Crabbed age and youth cannot live together;
Youth is full of pleasure, age is full of care;
Youth like summer morn, age like winter weather;
Youth like summer brave, age like winter bare.
Youth is full of sport, age’s breath is short;
Youth is nimble, age is lame;
Youth is hot and bold, age is weak and cold;
Youth is wild, and age is tame.
They had ridden but a short way, when Lady Mabel, reining in her horse, placed herself along side of Moodie, to ask how he felt now. She feared lest he might be too unwell to undergo the fatigues of the day. But, thanks to L’Isle’s prescription, Moodie was already another man. He sat bolt upright in the saddle, with a martial air, and looked around as if ready for any emergency. She no longer felt any fears for him. His curiosity, too, seemed to be awakened, for he said: “You are a great botanist, my lady, and know every kind of plant. Pray, what were those two tall trees near the farmer’s house, with bare trunks and feathery tops?”
“They are date palms,” said Lady Mabel. “You see more and more of them the nearer you get to Africa.”
“Indeed!” said Moodie, with more astonishment than the information seemed to warrant.
“Yes,” she continued; “and they bear a luscious and nourishing fruit, which, in the deserts of Africa, is the chief food of the people. It is to them what oatmeal is to the Scot.”
“And how far are we from Africa?” said Moodie, dreading the answer, but striving to put the question in an indifferent tone.
“Why some people say that Africa begins at the Pyrenees, but Colonel L’Isle, who knows the country thoroughly, says that the Sierra de Monchique is the true boundary. The kingdom of Algarve, lying beyond those mountains, is, in climate, soil, and vegetation, truly African; and it is only the strip of salt water that separates it from Morocco, that prevents its forming part of that country.”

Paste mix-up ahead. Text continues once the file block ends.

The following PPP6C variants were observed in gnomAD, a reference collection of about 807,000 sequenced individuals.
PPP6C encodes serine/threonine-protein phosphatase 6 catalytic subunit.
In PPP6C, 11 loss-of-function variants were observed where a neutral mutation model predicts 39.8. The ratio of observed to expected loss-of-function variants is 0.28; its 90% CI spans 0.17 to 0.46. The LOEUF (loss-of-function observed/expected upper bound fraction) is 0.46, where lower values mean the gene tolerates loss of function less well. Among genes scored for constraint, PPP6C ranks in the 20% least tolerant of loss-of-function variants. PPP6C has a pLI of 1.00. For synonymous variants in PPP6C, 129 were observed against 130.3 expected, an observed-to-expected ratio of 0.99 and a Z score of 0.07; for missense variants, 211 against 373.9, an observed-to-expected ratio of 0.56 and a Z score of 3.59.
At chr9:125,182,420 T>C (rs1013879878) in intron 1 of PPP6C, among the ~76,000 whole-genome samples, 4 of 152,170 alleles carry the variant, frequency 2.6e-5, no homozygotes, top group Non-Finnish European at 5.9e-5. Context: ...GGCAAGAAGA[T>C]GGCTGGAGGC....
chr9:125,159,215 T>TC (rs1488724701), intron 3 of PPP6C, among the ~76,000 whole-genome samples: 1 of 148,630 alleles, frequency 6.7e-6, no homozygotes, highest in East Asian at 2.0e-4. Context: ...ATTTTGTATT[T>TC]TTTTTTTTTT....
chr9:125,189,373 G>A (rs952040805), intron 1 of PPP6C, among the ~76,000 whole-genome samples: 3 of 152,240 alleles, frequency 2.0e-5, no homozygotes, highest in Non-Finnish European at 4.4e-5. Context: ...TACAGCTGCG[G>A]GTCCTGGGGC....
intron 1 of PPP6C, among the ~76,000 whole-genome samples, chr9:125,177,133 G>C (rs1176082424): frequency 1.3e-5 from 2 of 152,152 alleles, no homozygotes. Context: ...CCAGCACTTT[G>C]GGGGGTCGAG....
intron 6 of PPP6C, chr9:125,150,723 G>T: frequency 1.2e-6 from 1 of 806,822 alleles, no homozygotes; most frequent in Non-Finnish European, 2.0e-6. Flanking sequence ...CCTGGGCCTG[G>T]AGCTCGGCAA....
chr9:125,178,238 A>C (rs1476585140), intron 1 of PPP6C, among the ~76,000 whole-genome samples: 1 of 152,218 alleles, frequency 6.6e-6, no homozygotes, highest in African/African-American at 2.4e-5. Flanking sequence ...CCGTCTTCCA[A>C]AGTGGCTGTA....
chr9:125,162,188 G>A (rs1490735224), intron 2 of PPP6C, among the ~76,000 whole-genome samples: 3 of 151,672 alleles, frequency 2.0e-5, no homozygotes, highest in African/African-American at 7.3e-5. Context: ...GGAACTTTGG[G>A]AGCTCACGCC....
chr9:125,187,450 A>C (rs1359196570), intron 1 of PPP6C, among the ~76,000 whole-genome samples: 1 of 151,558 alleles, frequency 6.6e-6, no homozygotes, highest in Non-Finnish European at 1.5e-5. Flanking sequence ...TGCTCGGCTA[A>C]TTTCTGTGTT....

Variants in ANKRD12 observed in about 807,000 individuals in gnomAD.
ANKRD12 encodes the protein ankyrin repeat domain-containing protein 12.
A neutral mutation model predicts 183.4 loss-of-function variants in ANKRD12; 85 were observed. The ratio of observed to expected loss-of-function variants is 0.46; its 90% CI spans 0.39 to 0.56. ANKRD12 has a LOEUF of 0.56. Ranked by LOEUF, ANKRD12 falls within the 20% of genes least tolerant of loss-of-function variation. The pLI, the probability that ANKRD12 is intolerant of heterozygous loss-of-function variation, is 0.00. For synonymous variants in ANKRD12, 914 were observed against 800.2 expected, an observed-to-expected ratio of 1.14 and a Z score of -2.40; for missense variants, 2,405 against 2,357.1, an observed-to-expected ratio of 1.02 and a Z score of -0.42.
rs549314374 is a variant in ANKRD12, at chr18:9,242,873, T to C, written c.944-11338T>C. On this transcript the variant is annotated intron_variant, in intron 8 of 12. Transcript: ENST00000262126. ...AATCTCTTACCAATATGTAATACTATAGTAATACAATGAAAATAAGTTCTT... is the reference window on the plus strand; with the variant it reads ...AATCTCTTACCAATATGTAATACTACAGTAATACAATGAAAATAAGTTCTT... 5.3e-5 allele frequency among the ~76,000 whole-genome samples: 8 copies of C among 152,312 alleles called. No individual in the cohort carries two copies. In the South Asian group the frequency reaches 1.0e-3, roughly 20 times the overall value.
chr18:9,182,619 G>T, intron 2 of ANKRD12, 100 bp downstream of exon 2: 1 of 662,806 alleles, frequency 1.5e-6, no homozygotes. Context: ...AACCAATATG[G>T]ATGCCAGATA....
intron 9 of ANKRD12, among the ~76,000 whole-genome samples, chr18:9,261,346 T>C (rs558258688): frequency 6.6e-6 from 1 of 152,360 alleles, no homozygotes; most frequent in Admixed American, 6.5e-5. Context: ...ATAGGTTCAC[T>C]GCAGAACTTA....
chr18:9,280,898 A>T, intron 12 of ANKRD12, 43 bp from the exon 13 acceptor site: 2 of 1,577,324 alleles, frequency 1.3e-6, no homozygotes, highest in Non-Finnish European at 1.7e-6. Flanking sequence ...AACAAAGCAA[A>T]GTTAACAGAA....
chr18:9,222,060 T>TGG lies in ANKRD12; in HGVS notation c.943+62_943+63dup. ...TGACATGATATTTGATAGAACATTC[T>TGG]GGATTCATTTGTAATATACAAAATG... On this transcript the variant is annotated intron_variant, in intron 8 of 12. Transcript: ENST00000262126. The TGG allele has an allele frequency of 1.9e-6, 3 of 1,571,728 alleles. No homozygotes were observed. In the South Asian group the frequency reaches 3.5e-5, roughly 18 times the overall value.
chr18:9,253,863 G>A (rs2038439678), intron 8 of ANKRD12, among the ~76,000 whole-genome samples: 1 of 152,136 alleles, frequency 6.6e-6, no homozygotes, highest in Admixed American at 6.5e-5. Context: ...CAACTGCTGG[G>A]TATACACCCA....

“I never heard of the kingdom of Algarve before,” said Moodie, pondering the information he had received. “How far are we from it?”
“We will not find it a long day’s journey to one of the chief towns,” said Lady Mabel. “Its name—its name is Mauropolis, the city of the Moors. It lies on the border of Algarve, just like Berwick on the border of Scotland, only Algarve is a beautiful and fertile country, which poor Scotland is only to a Scot.”
“It is an ill bird that fouls its own nest,” growled Moodie in an undertone. “Have you forgot, my lady, that you are yourself a Scot!”
“A Scot!” said she, deliberately, as if now first considering that point. “My mother was an Englishwoman. So far, I am not a Scot.”
“But your father! Your father, my lady!” Moodie angrily exclaimed. “He is a true Scot, and knows the worth of old Scotland well.”